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G0ldfinger's GOLD Thread: Longer Term Aspects

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One days action does not constitute failing at a level, we only just touched $18 yesterday early morning for a few hours. Everyone is so eager to jump on any gold/silver weakness at the moment.

Silver is struggling to keep up. This is not necessarily a bad thing, given the recieved wisdom is that silver races to play catch-up immediately prior to the blowoff of a big move. We may have a way to go in this up-move.

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Silver is still a little subdued. But it also tends to catch up much more quickly.


I wouldn't exactly short it...



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Silver is struggling to keep up. This is not necessarily a bad thing, given the recieved wisdom is that silver races to play catch-up immediately prior to the blowoff of a big move. We may have a way to go in this up-move.

Exactly :)



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Silver is struggling to keep up. This is not necessarily a bad thing, given the recieved wisdom is that silver races to play catch-up immediately prior to the blowoff of a big move. We may have a way to go in this up-move.


I might be also talking my book as a dip into the start of Novemeber in both gold and silver would suit me perfectly with decent lump sum coming in.

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DOUBLE POST for housekeeping purposes.

why on earth would the Fed want to suppress the price of gold as an inflation expectation indicator, when they are actively trying to generate inflation themselves[/b], get the money flowing, force people to invest instead of save, etc?

It is somewhat puzzling, but then, recent official announcements have been along the lines that physical selling has largely been stopped now. So, in that logic, they are doing the right thing at the moment. However, my general answer would be that they consider gold inflation as "bad", while inflation in property or stocks is considered as "good". This has a long history, since gold has always been the canary in the financial coal mine. High gold/property/stocks prices seem to signal that inflation is not so good, maybe not under 'control', while high stocks/property but low gold signals that all is hunky-dory. This is a guess.


1. Central banks (mostly) hold gold in order to be able to suppress the price by selling it (secondarily perhaps as an investment)

No. Central banks hold gold because it is money. In fact, the only real, tangible money.


5. True price of gold is calculate from the ratio of held physical gold to net outstanding paper liabilities - perhaps after a haircut has been applied to

Essentially, yes. I would call this an equilibrium price. See the link in my signature, or essays by Jim Sinclair or (less accurate IMO) Paul van Eeden on this subject. The equillibrium price by now is certainly north of $10,000 / oz (even in the most conservative calculations), but I would have to check on it.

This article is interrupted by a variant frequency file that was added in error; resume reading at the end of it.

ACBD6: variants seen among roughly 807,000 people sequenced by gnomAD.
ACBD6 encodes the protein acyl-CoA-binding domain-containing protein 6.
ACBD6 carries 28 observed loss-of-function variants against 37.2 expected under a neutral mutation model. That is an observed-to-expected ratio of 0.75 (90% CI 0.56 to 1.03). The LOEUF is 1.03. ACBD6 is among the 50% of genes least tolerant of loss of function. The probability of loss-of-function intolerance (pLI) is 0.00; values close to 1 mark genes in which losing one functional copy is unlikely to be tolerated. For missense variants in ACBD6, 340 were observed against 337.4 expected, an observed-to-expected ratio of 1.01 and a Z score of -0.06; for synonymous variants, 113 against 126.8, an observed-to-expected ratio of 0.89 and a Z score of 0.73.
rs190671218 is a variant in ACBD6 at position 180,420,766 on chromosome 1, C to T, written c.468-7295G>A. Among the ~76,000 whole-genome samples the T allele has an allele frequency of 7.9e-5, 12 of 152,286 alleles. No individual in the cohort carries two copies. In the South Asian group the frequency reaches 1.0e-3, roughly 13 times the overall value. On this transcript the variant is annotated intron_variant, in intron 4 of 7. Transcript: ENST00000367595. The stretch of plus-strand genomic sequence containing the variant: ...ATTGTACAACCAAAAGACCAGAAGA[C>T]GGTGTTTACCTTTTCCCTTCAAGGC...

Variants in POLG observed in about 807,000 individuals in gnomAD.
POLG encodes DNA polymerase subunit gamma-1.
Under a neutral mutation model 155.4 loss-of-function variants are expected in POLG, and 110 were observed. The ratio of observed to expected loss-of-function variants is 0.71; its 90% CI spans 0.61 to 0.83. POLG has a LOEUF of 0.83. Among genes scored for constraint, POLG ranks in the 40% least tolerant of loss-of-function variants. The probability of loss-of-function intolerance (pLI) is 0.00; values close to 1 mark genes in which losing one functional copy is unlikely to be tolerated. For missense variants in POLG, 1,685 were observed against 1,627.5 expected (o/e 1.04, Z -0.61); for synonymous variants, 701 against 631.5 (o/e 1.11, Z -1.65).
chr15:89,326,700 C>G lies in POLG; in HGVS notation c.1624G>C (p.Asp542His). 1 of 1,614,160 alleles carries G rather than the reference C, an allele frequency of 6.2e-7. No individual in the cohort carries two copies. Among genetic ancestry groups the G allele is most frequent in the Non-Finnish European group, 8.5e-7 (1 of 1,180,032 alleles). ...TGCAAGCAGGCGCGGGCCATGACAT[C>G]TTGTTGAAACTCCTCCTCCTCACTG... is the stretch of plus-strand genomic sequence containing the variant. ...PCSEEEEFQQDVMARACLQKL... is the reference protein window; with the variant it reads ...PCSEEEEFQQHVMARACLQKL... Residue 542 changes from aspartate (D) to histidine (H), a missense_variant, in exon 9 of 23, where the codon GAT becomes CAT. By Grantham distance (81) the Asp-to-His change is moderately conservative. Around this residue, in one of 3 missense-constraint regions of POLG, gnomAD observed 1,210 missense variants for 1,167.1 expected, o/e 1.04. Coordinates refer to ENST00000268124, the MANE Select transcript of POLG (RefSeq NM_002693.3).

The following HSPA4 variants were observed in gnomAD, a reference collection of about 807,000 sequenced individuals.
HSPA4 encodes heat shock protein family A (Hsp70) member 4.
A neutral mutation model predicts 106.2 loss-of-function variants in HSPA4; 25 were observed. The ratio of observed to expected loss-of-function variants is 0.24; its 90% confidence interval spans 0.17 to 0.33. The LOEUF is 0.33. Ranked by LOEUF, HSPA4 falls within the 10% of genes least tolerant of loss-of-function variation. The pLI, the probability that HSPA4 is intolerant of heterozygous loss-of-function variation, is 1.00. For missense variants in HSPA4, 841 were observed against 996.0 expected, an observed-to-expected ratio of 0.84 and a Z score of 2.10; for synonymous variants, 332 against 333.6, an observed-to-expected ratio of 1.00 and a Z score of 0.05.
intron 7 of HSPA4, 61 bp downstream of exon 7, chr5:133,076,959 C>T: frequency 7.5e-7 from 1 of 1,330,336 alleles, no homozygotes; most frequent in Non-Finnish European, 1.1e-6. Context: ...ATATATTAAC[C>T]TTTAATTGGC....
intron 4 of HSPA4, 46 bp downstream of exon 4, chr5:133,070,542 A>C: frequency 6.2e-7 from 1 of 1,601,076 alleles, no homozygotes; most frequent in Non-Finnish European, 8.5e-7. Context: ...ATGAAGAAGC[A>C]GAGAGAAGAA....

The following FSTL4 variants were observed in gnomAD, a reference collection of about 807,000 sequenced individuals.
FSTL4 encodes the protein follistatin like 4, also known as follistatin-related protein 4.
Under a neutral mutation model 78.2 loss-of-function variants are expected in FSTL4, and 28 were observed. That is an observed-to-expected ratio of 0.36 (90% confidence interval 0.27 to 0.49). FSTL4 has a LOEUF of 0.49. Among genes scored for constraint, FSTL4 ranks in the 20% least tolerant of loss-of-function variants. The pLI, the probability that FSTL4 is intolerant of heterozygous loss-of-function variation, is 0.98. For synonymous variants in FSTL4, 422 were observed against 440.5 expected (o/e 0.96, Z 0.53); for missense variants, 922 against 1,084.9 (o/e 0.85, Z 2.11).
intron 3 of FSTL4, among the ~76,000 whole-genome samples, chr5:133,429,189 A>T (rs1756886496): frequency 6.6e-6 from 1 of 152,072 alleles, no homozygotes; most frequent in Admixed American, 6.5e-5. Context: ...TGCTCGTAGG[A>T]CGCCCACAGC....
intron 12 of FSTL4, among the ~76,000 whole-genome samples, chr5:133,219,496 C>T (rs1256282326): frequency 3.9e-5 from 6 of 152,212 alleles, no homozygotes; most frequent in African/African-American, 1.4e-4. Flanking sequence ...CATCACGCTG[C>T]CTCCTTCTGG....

In January 1980, Jim Sinclair sold out all his gold at just below $900 / oz, which was the equilibrium price he had calculated back then. He created(!) this blow-off top exactly according to these kind of considerations. That's why so many people read him. This time, he thinks, the price won't crash but stay up, because the situation is fundamentally different.

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More recording, sorry.

... can you explain to me how from the point of view of central bankers today 'gold is money' (and not an asset or a mere tool)?

I am not a central banker, but I certainly believe that some think of gold in exactly your terms above. But those who still have some gold left in their vaults, have it, because it has always been money. That's how they got it first place.


Your question is a little like asking, 'why from the point of view of Coca Cola today is water the main non-alcoholic drink of mankind?'

Coca Cola will answer: 'No, it's Coke.'


Also, let's listen again to what Greenspan has to say:


“Fiat money, in extremis, is accepted by nobody,” Alan Greenspan, the former chairman of the US Federal Reserve, told lawmakers in Washington almost a decade ago. “Gold is always accepted,” he added.


Can you remember if that rough $10k/oz was in any future dollar or roughly in today's dollar

This is in today's dollars.


Excellent info! I did know this at all. I've been reading his stuff on-and-off, but at my time frame I haven't found his stuff to fit my needs yet.

I have no better reference at the moment:


Two years later, on January 21, 1980, the price of gold - in its own little bubble market - hit an all-time high of $887.50. [For reference, the Dow closed that day at 9,921.] >>This number is of course by 10 too large. GF<<


“The next day,” Forbes reports, “Sinclair says he unloaded his entire gold position, personally netting $15 million...Sinclair then predicted at an annual gold conference that the metal would languish for the next 15 years.”

“The next day” is alsow wrong, it was overnight according to Sinclair himself (can't find the source on this but read it several times before, also on JSMineset).


This is why the 'Cartel' certainly reads him too (he makes comments hinting towards this regarding the IPs that look up JSMineset).

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Personally I do NOT believe gold is de jure money now.

Of course not de jure, but per naturam.